Every 3rd Monday of January, America celebrates the birthday of Martin Luther King Jr; the face of the civil rights movement of the 1960s. Dr King’s commitment to non-violence as a way to protest the Jim Crow south were instrumental in turning the nation’s attention toward the struggle of African-Americans to secure basic rights in many states in the nation. Growing up, every child (hopefully) is taught about King and the civil rights movement. His “I have a Dream” speech captivates students and serves as inspiration, but also a cruel reminder of our nation’s flawed past. King’s assassination in 1968 made him a martyr for the the cause of civil rights in America and he is known world-wide. As we celebrate Martin Luther King Jr Day again, this article takes a look at the fight to cement his legacy, and the legacy of the civil rights movement, with a formal holiday.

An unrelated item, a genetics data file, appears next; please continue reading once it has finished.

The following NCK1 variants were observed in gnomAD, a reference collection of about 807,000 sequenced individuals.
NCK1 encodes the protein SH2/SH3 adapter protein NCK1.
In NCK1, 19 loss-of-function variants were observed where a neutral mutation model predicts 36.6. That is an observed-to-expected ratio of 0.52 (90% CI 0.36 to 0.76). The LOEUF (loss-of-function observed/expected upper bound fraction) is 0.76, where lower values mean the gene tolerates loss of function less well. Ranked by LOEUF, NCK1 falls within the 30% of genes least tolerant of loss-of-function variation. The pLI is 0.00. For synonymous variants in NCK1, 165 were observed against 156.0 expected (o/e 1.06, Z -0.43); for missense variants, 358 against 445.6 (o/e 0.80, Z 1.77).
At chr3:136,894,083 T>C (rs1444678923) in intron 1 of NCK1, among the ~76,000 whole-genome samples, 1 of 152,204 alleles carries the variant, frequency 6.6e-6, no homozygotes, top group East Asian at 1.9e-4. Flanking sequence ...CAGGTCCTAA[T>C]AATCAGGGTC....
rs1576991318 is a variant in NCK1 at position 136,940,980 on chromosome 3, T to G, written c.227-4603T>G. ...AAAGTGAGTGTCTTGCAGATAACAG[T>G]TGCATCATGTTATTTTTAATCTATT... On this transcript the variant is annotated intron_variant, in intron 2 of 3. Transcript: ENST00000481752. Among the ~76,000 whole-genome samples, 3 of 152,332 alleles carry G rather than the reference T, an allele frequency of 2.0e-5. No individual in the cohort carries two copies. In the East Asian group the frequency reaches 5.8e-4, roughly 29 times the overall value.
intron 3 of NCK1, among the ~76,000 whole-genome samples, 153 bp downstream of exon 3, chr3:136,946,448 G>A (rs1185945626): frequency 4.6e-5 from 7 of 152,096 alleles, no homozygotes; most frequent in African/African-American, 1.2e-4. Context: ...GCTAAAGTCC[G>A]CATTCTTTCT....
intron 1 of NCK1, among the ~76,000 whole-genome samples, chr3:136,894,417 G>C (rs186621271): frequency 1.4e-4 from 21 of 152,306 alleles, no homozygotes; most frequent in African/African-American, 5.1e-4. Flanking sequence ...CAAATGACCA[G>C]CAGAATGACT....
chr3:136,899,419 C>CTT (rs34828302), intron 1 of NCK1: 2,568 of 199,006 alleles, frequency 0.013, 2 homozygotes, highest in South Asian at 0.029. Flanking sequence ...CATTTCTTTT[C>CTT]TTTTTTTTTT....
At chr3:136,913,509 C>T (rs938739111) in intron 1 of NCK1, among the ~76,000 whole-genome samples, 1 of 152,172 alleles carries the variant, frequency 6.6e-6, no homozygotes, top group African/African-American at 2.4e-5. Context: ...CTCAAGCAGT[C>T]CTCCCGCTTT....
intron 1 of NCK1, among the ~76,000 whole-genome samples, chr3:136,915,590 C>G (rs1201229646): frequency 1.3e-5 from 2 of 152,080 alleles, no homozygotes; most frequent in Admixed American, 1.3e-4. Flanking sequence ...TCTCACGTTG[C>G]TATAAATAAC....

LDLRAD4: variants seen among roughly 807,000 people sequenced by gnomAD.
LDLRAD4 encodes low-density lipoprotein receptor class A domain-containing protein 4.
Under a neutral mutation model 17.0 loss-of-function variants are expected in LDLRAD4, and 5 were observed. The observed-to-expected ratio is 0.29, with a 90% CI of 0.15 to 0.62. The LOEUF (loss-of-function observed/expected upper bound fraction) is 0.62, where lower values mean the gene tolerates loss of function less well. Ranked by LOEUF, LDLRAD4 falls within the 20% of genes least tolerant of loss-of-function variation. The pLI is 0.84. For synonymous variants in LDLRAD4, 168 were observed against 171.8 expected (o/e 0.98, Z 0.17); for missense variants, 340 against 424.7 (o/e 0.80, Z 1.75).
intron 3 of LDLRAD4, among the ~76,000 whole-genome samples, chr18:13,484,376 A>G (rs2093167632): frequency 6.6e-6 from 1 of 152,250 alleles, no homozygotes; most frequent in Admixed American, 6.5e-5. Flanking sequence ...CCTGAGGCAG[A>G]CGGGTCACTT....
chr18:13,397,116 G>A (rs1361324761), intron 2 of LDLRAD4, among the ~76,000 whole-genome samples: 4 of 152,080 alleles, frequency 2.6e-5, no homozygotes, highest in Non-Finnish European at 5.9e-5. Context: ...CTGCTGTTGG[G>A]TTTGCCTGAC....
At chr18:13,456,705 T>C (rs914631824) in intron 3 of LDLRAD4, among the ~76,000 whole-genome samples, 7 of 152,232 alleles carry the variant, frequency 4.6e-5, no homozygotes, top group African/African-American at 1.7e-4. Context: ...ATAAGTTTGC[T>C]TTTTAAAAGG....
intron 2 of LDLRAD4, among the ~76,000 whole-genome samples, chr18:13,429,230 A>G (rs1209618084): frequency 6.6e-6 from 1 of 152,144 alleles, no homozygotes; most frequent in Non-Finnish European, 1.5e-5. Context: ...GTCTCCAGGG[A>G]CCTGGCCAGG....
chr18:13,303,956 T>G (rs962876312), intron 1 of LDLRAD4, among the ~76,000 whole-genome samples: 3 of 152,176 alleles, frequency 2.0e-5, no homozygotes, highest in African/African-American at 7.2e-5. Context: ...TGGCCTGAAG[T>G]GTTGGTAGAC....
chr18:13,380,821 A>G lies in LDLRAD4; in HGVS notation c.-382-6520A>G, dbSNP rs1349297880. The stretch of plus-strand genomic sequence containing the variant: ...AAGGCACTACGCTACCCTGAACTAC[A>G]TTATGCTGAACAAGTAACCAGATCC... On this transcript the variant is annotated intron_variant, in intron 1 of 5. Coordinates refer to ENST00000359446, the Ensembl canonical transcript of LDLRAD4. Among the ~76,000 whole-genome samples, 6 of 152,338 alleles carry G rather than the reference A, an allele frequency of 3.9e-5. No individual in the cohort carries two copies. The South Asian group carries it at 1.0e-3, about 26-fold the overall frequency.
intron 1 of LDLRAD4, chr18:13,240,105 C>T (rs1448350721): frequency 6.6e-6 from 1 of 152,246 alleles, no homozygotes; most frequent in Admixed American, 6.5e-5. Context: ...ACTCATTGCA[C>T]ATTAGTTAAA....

Leon County, Florida is currently in the middle of going through its Charter Review process. The county, home to Florida’s capital, became a charter county in 2002, and every eight years the county commission appoints individuals to the ‘Charter Review Board’ to consider changes that can be put forward to the voters. It has come to my attention, however, that the board is debating two proposals, which, if passed, would severely hamper minority voters in the county.